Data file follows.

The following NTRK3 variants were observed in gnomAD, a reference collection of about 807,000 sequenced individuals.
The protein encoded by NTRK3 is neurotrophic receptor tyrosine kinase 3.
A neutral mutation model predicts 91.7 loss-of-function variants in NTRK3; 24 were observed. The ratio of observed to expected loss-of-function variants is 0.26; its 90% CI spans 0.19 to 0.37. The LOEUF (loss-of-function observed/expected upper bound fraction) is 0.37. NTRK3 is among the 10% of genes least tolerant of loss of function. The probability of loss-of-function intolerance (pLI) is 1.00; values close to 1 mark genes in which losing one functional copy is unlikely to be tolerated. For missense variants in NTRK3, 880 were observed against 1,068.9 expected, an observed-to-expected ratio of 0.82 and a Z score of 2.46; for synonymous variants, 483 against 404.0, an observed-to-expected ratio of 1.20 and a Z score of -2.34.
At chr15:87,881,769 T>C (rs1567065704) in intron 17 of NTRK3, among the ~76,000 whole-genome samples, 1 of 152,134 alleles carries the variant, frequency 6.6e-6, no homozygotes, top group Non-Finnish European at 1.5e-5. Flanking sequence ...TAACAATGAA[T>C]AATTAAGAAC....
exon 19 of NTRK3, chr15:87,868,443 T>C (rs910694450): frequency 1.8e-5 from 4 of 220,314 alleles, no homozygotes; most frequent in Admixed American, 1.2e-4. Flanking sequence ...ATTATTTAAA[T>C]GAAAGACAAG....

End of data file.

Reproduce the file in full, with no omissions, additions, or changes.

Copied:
The following NTRK3 variants were observed in gnomAD, a reference collection of about 807,000 sequenced individuals.
The protein encoded by NTRK3 is neurotrophic receptor tyrosine kinase 3.
A neutral mutation model predicts 91.7 loss-of-function variants in NTRK3; 24 were observed. The ratio of observed to expected loss-of-function variants is 0.26; its 90% CI spans 0.19 to 0.37. The LOEUF (loss-of-function observed/expected upper bound fraction) is 0.37. NTRK3 is among the 10% of genes least tolerant of loss of function. The probability of loss-of-function intolerance (pLI) is 1.00; values close to 1 mark genes in which losing one functional copy is unlikely to be tolerated. For missense variants in NTRK3, 880 were observed against 1,068.9 expected, an observed-to-expected ratio of 0.82 and a Z score of 2.46; for synonymous variants, 483 against 404.0, an observed-to-expected ratio of 1.20 and a Z score of -2.34.
At chr15:87,881,769 T>C (rs1567065704) in intron 17 of NTRK3, among the ~76,000 whole-genome samples, 1 of 152,134 alleles carries the variant, frequency 6.6e-6, no homozygotes, top group Non-Finnish European at 1.5e-5. Flanking sequence ...TAACAATGAA[T>C]AATTAAGAAC....
exon 19 of NTRK3, chr15:87,868,443 T>C (rs910694450): frequency 1.8e-5 from 4 of 220,314 alleles, no homozygotes; most frequent in Admixed American, 1.2e-4. Flanking sequence ...ATTATTTAAA[T>C]GAAAGACAAG....